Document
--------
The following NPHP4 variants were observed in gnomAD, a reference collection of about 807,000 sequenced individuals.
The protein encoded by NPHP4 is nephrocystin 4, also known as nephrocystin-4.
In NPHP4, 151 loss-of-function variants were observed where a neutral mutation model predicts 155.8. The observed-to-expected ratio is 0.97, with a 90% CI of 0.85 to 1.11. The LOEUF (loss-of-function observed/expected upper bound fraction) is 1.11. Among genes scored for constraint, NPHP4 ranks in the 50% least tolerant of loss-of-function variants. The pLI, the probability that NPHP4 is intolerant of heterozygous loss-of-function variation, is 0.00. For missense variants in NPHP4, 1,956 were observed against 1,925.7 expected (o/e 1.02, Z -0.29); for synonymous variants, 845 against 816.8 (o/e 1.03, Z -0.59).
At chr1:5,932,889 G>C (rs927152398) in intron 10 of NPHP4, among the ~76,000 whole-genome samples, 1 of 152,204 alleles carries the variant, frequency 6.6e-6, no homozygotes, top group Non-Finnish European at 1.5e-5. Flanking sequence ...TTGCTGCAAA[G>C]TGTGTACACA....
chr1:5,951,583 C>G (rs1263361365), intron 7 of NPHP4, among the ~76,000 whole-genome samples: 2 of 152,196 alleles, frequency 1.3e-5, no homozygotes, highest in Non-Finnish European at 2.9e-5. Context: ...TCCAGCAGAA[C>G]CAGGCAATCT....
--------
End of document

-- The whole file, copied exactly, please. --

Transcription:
The following NPHP4 variants were observed in gnomAD, a reference collection of about 807,000 sequenced individuals.
The protein encoded by NPHP4 is nephrocystin 4, also known as nephrocystin-4.
In NPHP4, 151 loss-of-function variants were observed where a neutral mutation model predicts 155.8. The observed-to-expected ratio is 0.97, with a 90% CI of 0.85 to 1.11. The LOEUF (loss-of-function observed/expected upper bound fraction) is 1.11. Among genes scored for constraint, NPHP4 ranks in the 50% least tolerant of loss-of-function variants. The pLI, the probability that NPHP4 is intolerant of heterozygous loss-of-function variation, is 0.00. For missense variants in NPHP4, 1,956 were observed against 1,925.7 expected (o/e 1.02, Z -0.29); for synonymous variants, 845 against 816.8 (o/e 1.03, Z -0.59).
At chr1:5,932,889 G>C (rs927152398) in intron 10 of NPHP4, among the ~76,000 whole-genome samples, 1 of 152,204 alleles carries the variant, frequency 6.6e-6, no homozygotes, top group Non-Finnish European at 1.5e-5. Flanking sequence ...TTGCTGCAAA[G>C]TGTGTACACA....
chr1:5,951,583 C>G (rs1263361365), intron 7 of NPHP4, among the ~76,000 whole-genome samples: 2 of 152,196 alleles, frequency 1.3e-5, no homozygotes, highest in Non-Finnish European at 2.9e-5. Context: ...TCCAGCAGAA[C>G]CAGGCAATCT....